This question was still decisive in the present case, despite the fact that the patent-in-suit expired before the start of the appeal proceedings. The Court explained that the expiration of a patent affects only future acts of use (which, then, no longer constitute infringement): On the contrary, claims that had arisen prior to expiration based on acts of use during the lifetime of the patent are not impaired. [5] Whether claims were given before the expiration of the patent-in-suit is of particular importance, especially when the patent holder has enforced a (first-instance) judgment delivered in proceedings conducted within the term of protection of the patent, as it was the case here. [6]

Dominant market position

Having said that, the Court agreed with the finding of the District Court that Sisvel had a market dominant position in terms of Article 102 TFEU with respect to the patent-in-suit in the relevant time period prior to its expiration. [7]

The Court followed the District Court also insofar, as it confirmed that, by filing an infringement action, Sisvel had not abused its market dominance.

Notification of infringement

In the eyes of the Court, Sisvel had sufficiently notified Wiko about the infringement of the patent-in-suit prior to filing a court action. [8] The purpose of the notification of infringement is to draw the implementer's attention to the infringement and the necessity of taking a license on FRAND terms and conditions. [9] In terms of content, the notification must identify the patent infringed, the form of infringement and also designate the infringing embodiments. [9] Detailed technical or legal analysis of the infringement allegation is not required. [9] The production of so-called 'claim charts', which is common in practice, will, as a rule, suffice, but is not mandatory. [9] If the patent holder offers a portfolio licence, respective extended information duties occur. [9]

In the present case, it was not disputed that Sisvel had notified Wiko about the patent-in-suit prior to litigation. [10] As far as Wiko complained that no claim charts were presented before trial, the Court reiterated that no respective obligation of Sisvel existed. [11] What is more, the Court held that the court action initially filed by Sisvel, which did not include claims for injunctive relief and the recall and destruction of infringing products, could also be seen as an adequate notification of infringement. [10]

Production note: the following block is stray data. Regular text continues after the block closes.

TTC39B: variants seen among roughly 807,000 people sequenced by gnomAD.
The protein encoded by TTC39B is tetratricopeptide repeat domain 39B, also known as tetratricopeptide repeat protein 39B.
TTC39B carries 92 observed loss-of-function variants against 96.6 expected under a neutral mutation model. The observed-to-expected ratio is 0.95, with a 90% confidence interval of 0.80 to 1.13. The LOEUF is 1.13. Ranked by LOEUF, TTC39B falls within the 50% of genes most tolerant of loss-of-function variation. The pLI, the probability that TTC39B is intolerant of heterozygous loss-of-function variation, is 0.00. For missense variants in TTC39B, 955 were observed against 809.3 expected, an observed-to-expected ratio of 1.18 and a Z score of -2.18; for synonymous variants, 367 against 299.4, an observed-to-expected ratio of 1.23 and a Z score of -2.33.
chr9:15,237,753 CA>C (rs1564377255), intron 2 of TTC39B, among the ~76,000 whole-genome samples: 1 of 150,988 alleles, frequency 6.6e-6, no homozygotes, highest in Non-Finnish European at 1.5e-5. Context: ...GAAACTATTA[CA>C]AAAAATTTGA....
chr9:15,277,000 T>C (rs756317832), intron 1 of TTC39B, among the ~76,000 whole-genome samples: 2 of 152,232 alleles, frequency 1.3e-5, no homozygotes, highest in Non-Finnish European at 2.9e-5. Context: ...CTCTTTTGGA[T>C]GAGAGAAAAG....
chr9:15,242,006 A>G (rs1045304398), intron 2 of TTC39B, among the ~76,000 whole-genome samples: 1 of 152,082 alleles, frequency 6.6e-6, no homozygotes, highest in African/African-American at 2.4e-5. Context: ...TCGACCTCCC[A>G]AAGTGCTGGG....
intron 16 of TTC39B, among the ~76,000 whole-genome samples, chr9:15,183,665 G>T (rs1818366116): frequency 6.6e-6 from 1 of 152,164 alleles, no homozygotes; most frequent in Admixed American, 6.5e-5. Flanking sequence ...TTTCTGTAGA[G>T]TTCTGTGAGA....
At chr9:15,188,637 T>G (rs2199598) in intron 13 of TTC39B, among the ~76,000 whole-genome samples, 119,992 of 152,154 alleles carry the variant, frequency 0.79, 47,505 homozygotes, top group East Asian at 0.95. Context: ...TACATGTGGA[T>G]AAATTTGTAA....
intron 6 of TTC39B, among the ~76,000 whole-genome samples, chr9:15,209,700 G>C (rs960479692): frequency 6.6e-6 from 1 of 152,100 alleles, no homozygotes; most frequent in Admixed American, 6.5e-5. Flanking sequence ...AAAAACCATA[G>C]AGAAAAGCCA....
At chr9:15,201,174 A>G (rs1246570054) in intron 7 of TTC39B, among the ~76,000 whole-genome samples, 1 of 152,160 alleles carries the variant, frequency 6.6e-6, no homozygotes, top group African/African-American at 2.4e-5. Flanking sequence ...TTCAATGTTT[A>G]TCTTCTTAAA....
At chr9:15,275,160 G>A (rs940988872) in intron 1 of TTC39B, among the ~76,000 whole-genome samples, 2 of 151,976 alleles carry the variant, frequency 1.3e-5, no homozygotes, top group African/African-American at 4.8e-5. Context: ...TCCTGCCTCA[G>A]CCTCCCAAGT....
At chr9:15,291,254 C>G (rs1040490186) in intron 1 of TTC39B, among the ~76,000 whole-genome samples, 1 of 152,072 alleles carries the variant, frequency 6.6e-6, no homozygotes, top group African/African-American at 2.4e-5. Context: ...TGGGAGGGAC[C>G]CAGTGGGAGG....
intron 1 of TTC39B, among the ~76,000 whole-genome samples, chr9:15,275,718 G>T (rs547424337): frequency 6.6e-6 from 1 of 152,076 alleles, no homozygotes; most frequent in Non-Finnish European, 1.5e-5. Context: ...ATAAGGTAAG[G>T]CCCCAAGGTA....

Willingness to obtain a licence

The Court then found that Wiko behaved as an unwilling (potential) licensee both prior and during the infringement proceedings [12] . The Court agreed with the assessment of the District Court that Wiko delayed the licensing negotiations between the parties with the goal to avoid taking a licence for as long as possible, in order to gain economic benefits. [13]

According to the Court, the 'expression of a general willingness to license' is not sufficient for assuming that an implementer is a 'willing licensee'. [14] Moreover, the implementer must 'clearly and unambiguously' declare willingness to conclude a license agreement on FRAND terms, 'whatever FRAND terms may actually look like" [14] . The respective declaration must be 'serious and unconditional'. [14]

The Court highlighted that for the assessment of willingness the overall facts and the particular conduct of the implementer shall be taken into account. [14] Willingness is not 'static': the finding that an implementer was willing (or unwilling) at a certain moment in time does not remain unchanged henceforth. [14]

The implementer must always be willing to obtain a licence and participate in negotiations in a 'target-oriented manner'; since implementers might be inclined to delay negotiations until the expiration of the patent-in-suit, there is a need to make sure that their behaviour in negotiations will not lead to delays. [15] Moreover, it should be expected that a willing implementer would seek a license as soon as possible, in order to shorten the period, in which it makes use of the patent-in-suit or the SEP holder's portfolio without authorisation and without paying licensing fees. [16] Accordingly, a willing licensee would not consider the 'negotiation obligations' of the SEP holder primarily as a means to defend itself against a court action, but as a means to utilize in order to reach a FRAND agreement, if needed. [16]

In the view of the Court, the above requirements are in line with the Huawei v ZTE judgment (Huawei judgment or Huawei) [17] of the Court of Justice of the EU (CJEU). [18] In Huawei, CJEU focused on the will of the infringer to conclude a license agreement on FRAND terms and emphasized that the latter must not pursue 'delaying tactics'. The Court explained that, although in Huawei the requirement to refrain from 'delaying tactics' is expressly mentioned only with respect to the duty of the implementer to react to a licensing offer of the SEP holder, it applies 'at all times' as long as the implementer uses the patents without a licence; otherwise, the suspension of SEP holder's right to the injunctive relief cannot be justified. [19]

In this context, the Court pointed out that not every 'reluctant involvement' of the implementer in licensing discussions will necessarily allow for the assumption of unwillingness. [20] Such behaviour could be justified in individual cases, especially when the SEP holder does not act in a 'target-oriented' manner itself. [20] Nevertheless, implementers must, as a rule, react timely even to a belated action of the SEP holder. [20] Furthermore, implementers must, in principle, inform the SEP holder of any objections at an early stage and should not wait to raise those much later in court proceedings. [20]